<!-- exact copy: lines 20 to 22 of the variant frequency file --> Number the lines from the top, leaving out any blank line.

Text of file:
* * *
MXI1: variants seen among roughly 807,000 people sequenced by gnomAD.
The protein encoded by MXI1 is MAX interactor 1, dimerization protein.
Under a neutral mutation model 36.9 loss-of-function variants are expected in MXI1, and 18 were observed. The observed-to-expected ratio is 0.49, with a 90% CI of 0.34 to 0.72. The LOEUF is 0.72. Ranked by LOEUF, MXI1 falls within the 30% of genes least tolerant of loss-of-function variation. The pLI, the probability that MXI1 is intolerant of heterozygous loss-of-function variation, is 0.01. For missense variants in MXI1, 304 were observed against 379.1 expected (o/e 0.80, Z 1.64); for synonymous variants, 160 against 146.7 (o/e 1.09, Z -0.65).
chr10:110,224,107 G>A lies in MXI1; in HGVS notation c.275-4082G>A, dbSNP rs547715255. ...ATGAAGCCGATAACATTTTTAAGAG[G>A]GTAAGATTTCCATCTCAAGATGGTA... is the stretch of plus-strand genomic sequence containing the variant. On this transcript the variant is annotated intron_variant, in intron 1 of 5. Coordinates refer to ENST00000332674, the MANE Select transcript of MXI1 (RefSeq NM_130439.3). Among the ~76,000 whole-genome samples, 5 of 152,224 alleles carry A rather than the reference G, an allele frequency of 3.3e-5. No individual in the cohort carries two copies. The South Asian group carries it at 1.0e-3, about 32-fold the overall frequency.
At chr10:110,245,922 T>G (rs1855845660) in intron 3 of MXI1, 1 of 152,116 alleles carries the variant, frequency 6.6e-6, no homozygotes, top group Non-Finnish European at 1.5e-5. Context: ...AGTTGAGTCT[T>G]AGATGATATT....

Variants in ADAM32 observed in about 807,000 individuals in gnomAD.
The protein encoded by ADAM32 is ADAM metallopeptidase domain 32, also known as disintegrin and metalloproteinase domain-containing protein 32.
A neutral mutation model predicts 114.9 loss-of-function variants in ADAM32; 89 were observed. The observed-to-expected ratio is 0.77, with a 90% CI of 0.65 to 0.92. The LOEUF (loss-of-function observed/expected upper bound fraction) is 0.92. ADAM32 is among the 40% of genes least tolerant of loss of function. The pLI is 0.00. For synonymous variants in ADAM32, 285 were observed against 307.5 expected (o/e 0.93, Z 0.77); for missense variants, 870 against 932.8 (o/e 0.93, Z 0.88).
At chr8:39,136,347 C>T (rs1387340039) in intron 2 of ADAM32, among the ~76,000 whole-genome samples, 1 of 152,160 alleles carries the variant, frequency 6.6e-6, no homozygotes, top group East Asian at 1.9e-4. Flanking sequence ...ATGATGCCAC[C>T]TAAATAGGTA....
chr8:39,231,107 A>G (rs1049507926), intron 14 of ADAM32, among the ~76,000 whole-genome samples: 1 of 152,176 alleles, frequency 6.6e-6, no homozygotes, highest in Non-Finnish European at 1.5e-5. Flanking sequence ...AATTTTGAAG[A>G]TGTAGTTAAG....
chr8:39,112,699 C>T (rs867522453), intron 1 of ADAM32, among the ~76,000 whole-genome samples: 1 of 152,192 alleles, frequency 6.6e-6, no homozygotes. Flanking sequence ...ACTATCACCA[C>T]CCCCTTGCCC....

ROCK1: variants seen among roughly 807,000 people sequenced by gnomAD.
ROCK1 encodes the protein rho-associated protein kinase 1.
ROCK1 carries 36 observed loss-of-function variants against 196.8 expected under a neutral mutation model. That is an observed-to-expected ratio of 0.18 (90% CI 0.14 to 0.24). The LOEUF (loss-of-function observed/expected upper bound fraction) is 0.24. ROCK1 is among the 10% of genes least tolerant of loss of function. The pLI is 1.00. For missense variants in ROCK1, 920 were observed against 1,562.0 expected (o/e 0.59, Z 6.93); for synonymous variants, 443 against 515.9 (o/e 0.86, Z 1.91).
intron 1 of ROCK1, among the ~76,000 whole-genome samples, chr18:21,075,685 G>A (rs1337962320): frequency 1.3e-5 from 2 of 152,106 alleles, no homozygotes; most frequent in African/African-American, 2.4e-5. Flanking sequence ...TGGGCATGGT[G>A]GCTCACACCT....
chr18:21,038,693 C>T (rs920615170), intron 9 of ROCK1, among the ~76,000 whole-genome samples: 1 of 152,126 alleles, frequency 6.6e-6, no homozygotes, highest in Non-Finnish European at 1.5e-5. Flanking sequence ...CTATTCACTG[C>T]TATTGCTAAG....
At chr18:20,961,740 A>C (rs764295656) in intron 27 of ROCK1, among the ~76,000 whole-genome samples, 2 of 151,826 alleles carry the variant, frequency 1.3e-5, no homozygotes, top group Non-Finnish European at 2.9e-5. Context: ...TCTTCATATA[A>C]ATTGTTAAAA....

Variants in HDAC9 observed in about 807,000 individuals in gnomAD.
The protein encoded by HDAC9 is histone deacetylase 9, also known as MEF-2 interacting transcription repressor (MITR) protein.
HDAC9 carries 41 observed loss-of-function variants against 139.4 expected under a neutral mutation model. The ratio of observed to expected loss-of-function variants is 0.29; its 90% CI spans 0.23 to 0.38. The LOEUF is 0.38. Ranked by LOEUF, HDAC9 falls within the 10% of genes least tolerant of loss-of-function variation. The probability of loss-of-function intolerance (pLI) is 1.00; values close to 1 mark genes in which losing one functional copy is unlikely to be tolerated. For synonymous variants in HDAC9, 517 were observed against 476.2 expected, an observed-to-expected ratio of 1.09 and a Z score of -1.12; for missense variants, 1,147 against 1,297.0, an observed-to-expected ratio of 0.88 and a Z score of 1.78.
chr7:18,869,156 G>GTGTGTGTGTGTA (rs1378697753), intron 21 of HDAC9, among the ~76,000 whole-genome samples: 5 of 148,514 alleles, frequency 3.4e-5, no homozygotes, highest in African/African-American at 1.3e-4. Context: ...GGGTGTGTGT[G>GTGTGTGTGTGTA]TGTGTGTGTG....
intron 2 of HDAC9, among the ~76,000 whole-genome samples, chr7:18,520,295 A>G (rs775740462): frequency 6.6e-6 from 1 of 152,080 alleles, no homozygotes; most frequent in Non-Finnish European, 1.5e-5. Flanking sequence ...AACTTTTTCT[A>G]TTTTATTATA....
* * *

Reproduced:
HDAC9 carries 41 observed loss-of-function variants against 139.4 expected under a neutral mutation model. The ratio of observed to expected loss-of-function variants is 0.29; its 90% CI spans 0.23 to 0.38. The LOEUF is 0.38. Ranked by LOEUF, HDAC9 falls within the 10% of genes least tolerant of loss-of-function variation. The probability of loss-of-function intolerance (pLI) is 1.00; values close to 1 mark genes in which losing one functional copy is unlikely to be tolerated. For synonymous variants in HDAC9, 517 were observed against 476.2 expected, an observed-to-expected ratio of 1.09 and a Z score of -1.12; for missense variants, 1,147 against 1,297.0, an observed-to-expected ratio of 0.88 and a Z score of 1.78.
chr7:18,869,156 G>GTGTGTGTGTGTA (rs1378697753), intron 21 of HDAC9, among the ~76,000 whole-genome samples: 5 of 148,514 alleles, frequency 3.4e-5, no homozygotes, highest in African/African-American at 1.3e-4. Context: ...GGGTGTGTGT[G>GTGTGTGTGTGTA]TGTGTGTGTG....
intron 2 of HDAC9, among the ~76,000 whole-genome samples, chr7:18,520,295 A>G (rs775740462): frequency 6.6e-6 from 1 of 152,080 alleles, no homozygotes; most frequent in Non-Finnish European, 1.5e-5. Flanking sequence ...AACTTTTTCT[A>G]TTTTATTATA....